An hour in I pull into a little town following the road toward a church – expecting that near the church will be a piazza and in the piazza a cafe. But the old part of town is dead quiet at mid-morning.

I did find this cool portrait of Fausto Coppi – one of Italy’s greatest ever cycling/sporting heroes, he was from around these parts and died in Tortona. I had seen a thing on a wall about him the previous night as well. He was the leading cyclist on either side of World War II – winning the Giro d’Italia five times and the Tour de France twice, among many other victories.

It turns out that just like elsewhere all the business in town is now on the highway so it was there that I found my morning coffee and a bit of bread for lunch later.

I’ve been thinking about the ideas of HERE and THERE. We travel from HERE to THERE for those things which make THERE different but of course when you arrive now you are HERE and many things aren’t that different and for the people who live HERE, the THERE you’ve just come from seems the place that is different.

Of course some THEREs are more different that others; Italy and Australia aren’t that different. Somethings, certainly, are very very different – elements of the culture, the history, the language, the architecture – but somethings less so: nearly everywhere I’ve stayed I’ve spotted at least some IKEA products, there are the some of the same cars on the roads, some of the same stuff in the shops.

Setting aside these commercial aspects, the very stuff of everyday life is the same HERE as it is THERE. I write this sitting on a park bench outside a doctors’ surgery where a child wails in the waiting room and its mother tries to soothe. People are going about the business of life – of working and shopping, of socialising and taking care of their families. The world is lovely in its sameness as much as for its differences.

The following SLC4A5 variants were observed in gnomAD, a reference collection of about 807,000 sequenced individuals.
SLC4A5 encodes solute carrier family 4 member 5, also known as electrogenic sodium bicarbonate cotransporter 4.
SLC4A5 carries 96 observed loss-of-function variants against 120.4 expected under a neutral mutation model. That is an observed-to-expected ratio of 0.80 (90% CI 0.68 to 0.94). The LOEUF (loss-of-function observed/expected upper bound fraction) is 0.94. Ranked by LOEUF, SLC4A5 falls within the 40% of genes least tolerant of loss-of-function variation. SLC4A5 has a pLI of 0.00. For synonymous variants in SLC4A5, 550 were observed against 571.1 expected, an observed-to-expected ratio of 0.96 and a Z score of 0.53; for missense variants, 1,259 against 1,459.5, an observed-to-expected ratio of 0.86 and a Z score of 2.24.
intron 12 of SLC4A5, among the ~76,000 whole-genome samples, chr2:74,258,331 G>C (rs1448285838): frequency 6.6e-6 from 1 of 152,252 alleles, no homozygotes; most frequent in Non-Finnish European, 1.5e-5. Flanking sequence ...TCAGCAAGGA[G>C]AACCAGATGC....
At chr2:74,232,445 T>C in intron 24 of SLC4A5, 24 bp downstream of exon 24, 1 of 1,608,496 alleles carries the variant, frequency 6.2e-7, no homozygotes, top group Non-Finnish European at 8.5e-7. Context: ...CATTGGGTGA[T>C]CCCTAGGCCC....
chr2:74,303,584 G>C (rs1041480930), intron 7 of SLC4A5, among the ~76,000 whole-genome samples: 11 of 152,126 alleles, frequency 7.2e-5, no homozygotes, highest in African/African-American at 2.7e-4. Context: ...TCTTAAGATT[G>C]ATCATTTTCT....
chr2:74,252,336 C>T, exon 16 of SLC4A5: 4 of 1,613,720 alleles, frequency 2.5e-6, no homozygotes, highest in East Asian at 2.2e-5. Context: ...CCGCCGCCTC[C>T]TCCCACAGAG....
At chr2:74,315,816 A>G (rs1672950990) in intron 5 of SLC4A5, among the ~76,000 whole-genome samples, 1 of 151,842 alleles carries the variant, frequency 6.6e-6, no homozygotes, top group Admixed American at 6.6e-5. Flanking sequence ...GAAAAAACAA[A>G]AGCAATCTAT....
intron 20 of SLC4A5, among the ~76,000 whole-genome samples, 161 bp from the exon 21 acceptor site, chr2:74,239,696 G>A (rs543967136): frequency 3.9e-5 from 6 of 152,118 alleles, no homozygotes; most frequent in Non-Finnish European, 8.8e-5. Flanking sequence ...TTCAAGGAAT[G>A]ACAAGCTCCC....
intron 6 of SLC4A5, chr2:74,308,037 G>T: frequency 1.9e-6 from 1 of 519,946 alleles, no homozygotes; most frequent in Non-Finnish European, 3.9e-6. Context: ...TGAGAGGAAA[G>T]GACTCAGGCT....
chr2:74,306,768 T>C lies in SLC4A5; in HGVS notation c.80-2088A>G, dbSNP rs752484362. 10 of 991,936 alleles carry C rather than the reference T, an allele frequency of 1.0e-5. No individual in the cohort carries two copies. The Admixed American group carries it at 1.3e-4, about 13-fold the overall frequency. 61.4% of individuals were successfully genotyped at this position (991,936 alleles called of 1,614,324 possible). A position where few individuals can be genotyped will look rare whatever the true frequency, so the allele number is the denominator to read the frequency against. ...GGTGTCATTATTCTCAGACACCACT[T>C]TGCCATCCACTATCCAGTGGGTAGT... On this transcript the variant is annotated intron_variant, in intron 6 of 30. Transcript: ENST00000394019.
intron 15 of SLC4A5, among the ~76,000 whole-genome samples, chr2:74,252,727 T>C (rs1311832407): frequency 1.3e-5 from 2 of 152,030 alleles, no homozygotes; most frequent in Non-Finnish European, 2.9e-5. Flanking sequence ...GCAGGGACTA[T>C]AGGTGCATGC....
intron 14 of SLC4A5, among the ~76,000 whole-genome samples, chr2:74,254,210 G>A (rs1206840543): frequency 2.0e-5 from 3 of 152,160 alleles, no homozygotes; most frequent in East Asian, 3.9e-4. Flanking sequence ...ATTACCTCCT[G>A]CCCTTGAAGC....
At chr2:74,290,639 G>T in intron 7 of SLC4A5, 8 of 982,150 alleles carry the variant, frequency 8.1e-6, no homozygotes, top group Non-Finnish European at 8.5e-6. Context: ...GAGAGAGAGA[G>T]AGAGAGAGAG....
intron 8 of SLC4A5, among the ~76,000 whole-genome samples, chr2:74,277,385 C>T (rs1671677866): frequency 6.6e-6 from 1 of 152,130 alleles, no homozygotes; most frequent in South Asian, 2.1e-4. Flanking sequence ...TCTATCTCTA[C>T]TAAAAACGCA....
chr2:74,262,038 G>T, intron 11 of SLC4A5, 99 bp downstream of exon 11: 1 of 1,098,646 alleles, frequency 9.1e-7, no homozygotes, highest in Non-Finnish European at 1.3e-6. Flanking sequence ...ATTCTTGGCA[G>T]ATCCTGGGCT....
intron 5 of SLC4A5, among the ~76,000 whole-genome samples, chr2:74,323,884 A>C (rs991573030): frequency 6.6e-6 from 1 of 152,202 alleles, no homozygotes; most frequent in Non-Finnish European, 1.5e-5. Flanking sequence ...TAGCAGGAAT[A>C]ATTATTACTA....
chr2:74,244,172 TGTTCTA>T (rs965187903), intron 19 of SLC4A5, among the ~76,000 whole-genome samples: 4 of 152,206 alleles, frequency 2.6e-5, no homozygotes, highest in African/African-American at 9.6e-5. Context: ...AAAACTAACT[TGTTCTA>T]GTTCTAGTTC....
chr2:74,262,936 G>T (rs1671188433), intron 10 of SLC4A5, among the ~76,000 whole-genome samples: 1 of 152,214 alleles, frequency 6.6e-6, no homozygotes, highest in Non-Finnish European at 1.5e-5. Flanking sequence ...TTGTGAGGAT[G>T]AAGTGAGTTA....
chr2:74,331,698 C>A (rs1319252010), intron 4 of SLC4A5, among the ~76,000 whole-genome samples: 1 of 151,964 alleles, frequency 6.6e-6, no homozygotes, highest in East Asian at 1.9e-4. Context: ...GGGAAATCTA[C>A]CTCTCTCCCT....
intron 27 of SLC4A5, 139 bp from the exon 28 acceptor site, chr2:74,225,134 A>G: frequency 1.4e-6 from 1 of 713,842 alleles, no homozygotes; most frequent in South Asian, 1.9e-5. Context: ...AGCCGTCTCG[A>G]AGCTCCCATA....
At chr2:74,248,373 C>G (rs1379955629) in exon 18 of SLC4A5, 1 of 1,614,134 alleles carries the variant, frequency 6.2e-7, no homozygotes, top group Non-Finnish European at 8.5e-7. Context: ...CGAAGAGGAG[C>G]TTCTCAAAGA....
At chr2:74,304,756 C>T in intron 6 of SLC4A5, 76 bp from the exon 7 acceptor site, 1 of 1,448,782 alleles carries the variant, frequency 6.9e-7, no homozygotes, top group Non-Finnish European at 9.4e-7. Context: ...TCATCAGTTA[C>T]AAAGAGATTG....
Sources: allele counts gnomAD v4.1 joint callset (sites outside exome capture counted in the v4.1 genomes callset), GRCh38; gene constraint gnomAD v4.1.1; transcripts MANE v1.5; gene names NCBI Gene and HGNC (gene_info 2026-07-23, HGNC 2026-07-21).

Meanwhile … with some 30km done and 50km to come there has still been no climbing to speak of.

And there really wouldn’t be much to speak of at all. The road rose, almost imperceptibly, parallel to the river and the train tracks nearly to Busalla, where I met my first other bicycle tourists – three men in their 60s or 70s outside a bar. We chatted a bit in broken Italian and English – which was lovely. I understood their questions even if I couldn’t answer in complete sentences.

As I rode out of town, at last, a definite incline. Not that much of one but enough with some 50km already ridden in 35*+ heat. I finally dropped down to a small gear and just pedalled and wondered how long it would last. I looked for shade at the side of the road and took refuge there, two or three times. And then, maybe 30 minutes after I began climbing – I was passed by a road cyclist who said something about being nearly finished. What? And then I saw “200m” painted on the pavement, then “150m” and sure enough I was over the pass and cruising down the other side toward Genova.

Most of the switchbacks I had seen on my map were on the far side of the pass. I didn’t pedal for many kilometres and then, just like that, I was on a chaotic narrow street in the outer reaches of Genova and looking for that magic word “gelato”.